Veggie Booty will change the way you eat, while enjoying the finest snack on the planet. Veggie Booty puts you in the mindset to eat healthier and change your life, take it on a train, or in your car, on a walk, or on a boat, Veggie Booty will be your good friend. This is a life changing snack that will help you eat healthier. (6) Over sixty persons living in twenty states were confirmed by the Centers for Disease Control and Prevention (CDC) to have been infected as a result of eating Veggie Booty contaminated with salmonella. (7) The source of the contamination proved to be parsley imported from China that, once finely ground, was used as an ingredient to make the Veggie Booty spice mix--that is, the spice coating applied to the puffed corn snack in order to make it "healthier." Of course, the person buying the Veggie Booty snacks had no way of knowing the danger lurking inside the bag. And that is the problem. Despite the existing incentives and disincentives, both economic and regulatory, an unsafe food product was made, marketed, and eaten and then caused significant sickness and suffering, with infants and young children bearing the worst of it. All of this occurred because their parents had sought a "healthier" snack that, in the end, proved not healthful at all.
Food Safety as a Credence Attribute
There are innumerable reasons for purchasing any given food item, from its delightful smell, to the fact that it is on sale. But for all the reasons one might decide to purchase a given food item, no rational person will knowingly purchase something that he knew would make him sick, or even kill him. Unfortunately, however, the safety of a given food item is not readily discernable at the time of purchase. Consequently:
For the most part, food safety is a credence attribute. Credence attributes are those that consumers cannot evaluate even when they use or consume the product. Consumers cannot usually determine before purchase, or even after consumption, whether a food was produced with the best or worst safety procedures, or whether a food poses a health risk. (8) Food and its safety is thus to be distinguished from a search or experience good. (9) Whereas a search good allows for comparison-shopping because the searched-for attribute can be reliably detected, and an experience good can at least be reliably tested through use, the safety of a given food item can only be assumed, which is to say, trusted. (10) This is because, "with credence characteristics, the absence of consumer detection leads to the complete absence of revelation." (11) As a result, this most important of food attributes remains invisible.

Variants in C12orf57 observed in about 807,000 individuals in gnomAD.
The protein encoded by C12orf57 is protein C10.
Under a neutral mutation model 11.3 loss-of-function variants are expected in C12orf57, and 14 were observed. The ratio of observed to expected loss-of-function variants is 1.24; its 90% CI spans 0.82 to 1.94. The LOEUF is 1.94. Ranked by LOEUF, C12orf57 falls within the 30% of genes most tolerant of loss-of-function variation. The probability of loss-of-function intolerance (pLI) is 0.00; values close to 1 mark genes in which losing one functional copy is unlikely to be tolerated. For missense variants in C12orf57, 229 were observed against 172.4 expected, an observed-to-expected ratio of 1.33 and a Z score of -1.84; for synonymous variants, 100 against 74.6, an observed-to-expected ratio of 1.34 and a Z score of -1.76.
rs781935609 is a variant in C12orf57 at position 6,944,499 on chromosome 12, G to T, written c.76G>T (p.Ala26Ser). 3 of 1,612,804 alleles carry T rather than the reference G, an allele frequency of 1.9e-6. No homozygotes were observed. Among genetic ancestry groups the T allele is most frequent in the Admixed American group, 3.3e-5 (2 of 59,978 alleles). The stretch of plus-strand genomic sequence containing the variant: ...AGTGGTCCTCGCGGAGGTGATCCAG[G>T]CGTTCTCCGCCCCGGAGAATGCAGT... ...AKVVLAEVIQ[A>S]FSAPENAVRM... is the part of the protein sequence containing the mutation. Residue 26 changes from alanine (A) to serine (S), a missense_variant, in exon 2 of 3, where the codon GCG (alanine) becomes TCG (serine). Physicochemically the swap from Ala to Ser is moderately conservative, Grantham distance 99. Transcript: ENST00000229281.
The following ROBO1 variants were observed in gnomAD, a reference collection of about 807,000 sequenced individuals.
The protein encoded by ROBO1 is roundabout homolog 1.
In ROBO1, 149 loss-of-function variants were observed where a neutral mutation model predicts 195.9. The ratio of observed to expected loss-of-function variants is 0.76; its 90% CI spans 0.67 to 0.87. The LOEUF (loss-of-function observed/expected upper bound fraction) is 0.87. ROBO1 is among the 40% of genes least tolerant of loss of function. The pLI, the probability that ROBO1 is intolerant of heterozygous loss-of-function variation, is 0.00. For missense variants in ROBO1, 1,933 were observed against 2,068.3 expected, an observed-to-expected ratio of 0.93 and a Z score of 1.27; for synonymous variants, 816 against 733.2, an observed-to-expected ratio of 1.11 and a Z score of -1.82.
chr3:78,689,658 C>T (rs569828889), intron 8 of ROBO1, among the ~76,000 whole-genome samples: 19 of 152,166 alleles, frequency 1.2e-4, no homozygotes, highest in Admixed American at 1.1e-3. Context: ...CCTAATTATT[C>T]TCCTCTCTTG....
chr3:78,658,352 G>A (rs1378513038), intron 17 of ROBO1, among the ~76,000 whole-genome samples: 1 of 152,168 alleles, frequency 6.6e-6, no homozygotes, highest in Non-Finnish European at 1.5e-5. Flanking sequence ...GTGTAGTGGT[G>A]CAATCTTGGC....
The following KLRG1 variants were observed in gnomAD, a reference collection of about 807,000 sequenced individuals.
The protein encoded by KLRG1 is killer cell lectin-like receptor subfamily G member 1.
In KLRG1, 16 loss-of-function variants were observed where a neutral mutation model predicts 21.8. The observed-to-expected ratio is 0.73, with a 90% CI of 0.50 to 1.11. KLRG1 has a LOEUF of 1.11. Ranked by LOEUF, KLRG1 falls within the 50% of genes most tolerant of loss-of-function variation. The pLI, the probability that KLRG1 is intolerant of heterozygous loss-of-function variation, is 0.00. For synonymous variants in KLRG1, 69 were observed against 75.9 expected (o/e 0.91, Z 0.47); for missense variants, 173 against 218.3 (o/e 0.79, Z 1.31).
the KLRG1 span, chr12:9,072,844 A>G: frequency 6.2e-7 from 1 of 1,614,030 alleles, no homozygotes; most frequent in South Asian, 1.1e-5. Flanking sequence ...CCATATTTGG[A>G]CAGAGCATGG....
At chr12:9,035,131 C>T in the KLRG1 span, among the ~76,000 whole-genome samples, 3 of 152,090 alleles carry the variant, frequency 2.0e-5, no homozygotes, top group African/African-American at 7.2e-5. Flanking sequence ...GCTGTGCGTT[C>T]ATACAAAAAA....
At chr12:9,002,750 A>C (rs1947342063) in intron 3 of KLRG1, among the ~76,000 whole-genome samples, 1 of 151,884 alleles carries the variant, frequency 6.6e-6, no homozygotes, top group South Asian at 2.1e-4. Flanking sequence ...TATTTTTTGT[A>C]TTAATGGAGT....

There are some borderline cases, however. Bread or cheese that is moldy could be considered unsafe, and the attribute of moldiness is typically visible. There are also some pathogens that cause symptoms in an extremely short period of time, making food contaminated with these pathogens an experience good. And there are usually-detectable items like peanuts that are safe to most, but deadly to an allergic minority. But for the more common sources of foodborne illness, microbial pathogens, the incubation period is sufficiently long that, in most cases, more than one food item or exposure is implicated as a possible infection source. This means that, even after consuming a given food product and being made ill by it, the consumer has no reliable means of attributing the illness to the food. It is for this reason, mainly, that the vast majority of foodborne illness in the United States is, each year, attributable to unidentified food items. (12)
Because foodborne illness is only rarely attributed to an identified food source, the food industry is able to impose huge costs (or externalities) upon the public each year while reaping the cost-savings of not investing more in improved food safety. A USDA report describes the problem well:
Because consumers cannot detect food safety, they may be unwilling to pay a premium for "safer" food. Consumers may worry about fraud and the possibility that some foods marketed as safer products are actually standard or even substandard. In fact, firms producing low-safety foods may have an incentive to market their products as high-safety; they could charge high-safety prices, and because of cost-cutting, have greater profits than high-safety producers. If this incentive were left unchecked, the market would be dominated by low-quality products with little or no product differentiation. In this case, consumers would be correct in assuming that all products were of low quality unless proved otherwise. (13) And, in routinely making such an assumption, consumers recognize (and are forced to accept) that the credibility of safety claims is always doubtful. Similarly, consumers come to understand that the consequences of not being fully informed about a food product's most relevant qualities are that "they may consume an undesired characteristic or pay a price that does not reflect ... the risk associated with the good in question." (14) Accordingly, because food cannot be trusted in its...
To continue readingRequest your trial
COPYRIGHT GALE, Cengage Learning. All rights reserved.